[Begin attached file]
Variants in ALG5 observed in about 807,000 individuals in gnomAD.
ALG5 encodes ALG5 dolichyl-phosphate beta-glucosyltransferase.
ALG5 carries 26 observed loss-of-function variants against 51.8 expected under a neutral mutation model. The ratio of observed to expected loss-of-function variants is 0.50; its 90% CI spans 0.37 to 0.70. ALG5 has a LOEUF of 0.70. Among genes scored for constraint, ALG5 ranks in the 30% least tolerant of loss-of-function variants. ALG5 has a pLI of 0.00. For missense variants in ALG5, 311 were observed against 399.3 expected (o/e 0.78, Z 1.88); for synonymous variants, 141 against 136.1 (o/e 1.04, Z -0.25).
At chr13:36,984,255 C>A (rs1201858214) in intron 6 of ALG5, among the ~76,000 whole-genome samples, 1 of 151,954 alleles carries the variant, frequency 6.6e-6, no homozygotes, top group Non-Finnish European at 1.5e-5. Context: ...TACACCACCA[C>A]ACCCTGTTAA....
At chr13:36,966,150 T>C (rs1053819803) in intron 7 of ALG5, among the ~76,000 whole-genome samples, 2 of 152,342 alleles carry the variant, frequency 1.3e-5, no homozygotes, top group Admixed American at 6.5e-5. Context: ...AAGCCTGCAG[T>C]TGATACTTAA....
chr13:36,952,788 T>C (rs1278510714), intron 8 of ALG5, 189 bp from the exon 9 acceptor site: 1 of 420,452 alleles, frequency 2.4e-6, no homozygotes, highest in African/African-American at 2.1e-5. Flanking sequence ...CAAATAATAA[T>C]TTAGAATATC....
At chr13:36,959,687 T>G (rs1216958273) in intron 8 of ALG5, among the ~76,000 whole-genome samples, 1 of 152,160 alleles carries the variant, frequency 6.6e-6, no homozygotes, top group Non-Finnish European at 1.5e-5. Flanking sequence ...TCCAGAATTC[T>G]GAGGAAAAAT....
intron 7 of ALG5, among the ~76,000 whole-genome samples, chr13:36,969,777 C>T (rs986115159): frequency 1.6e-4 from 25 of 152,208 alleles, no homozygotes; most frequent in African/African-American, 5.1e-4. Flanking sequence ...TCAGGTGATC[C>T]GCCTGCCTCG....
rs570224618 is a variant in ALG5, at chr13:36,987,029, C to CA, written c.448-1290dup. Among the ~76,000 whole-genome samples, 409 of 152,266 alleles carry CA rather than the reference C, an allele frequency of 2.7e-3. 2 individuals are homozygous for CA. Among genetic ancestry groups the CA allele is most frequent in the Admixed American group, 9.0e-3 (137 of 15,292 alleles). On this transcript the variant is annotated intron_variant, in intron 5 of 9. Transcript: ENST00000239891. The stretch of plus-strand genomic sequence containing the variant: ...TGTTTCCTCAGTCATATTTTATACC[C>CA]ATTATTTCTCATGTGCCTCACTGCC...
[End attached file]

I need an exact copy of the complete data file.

Variants in ALG5 observed in about 807,000 individuals in gnomAD.
ALG5 encodes ALG5 dolichyl-phosphate beta-glucosyltransferase.
ALG5 carries 26 observed loss-of-function variants against 51.8 expected under a neutral mutation model. The ratio of observed to expected loss-of-function variants is 0.50; its 90% CI spans 0.37 to 0.70. ALG5 has a LOEUF of 0.70. Among genes scored for constraint, ALG5 ranks in the 30% least tolerant of loss-of-function variants. ALG5 has a pLI of 0.00. For missense variants in ALG5, 311 were observed against 399.3 expected (o/e 0.78, Z 1.88); for synonymous variants, 141 against 136.1 (o/e 1.04, Z -0.25).
At chr13:36,984,255 C>A (rs1201858214) in intron 6 of ALG5, among the ~76,000 whole-genome samples, 1 of 151,954 alleles carries the variant, frequency 6.6e-6, no homozygotes, top group Non-Finnish European at 1.5e-5. Context: ...TACACCACCA[C>A]ACCCTGTTAA....
At chr13:36,966,150 T>C (rs1053819803) in intron 7 of ALG5, among the ~76,000 whole-genome samples, 2 of 152,342 alleles carry the variant, frequency 1.3e-5, no homozygotes, top group Admixed American at 6.5e-5. Context: ...AAGCCTGCAG[T>C]TGATACTTAA....
chr13:36,952,788 T>C (rs1278510714), intron 8 of ALG5, 189 bp from the exon 9 acceptor site: 1 of 420,452 alleles, frequency 2.4e-6, no homozygotes, highest in African/African-American at 2.1e-5. Flanking sequence ...CAAATAATAA[T>C]TTAGAATATC....
At chr13:36,959,687 T>G (rs1216958273) in intron 8 of ALG5, among the ~76,000 whole-genome samples, 1 of 152,160 alleles carries the variant, frequency 6.6e-6, no homozygotes, top group Non-Finnish European at 1.5e-5. Flanking sequence ...TCCAGAATTC[T>G]GAGGAAAAAT....
intron 7 of ALG5, among the ~76,000 whole-genome samples, chr13:36,969,777 C>T (rs986115159): frequency 1.6e-4 from 25 of 152,208 alleles, no homozygotes; most frequent in African/African-American, 5.1e-4. Flanking sequence ...TCAGGTGATC[C>T]GCCTGCCTCG....
rs570224618 is a variant in ALG5, at chr13:36,987,029, C to CA, written c.448-1290dup. Among the ~76,000 whole-genome samples, 409 of 152,266 alleles carry CA rather than the reference C, an allele frequency of 2.7e-3. 2 individuals are homozygous for CA. Among genetic ancestry groups the CA allele is most frequent in the Admixed American group, 9.0e-3 (137 of 15,292 alleles). On this transcript the variant is annotated intron_variant, in intron 5 of 9. Transcript: ENST00000239891. The stretch of plus-strand genomic sequence containing the variant: ...TGTTTCCTCAGTCATATTTTATACC[C>CA]ATTATTTCTCATGTGCCTCACTGCC...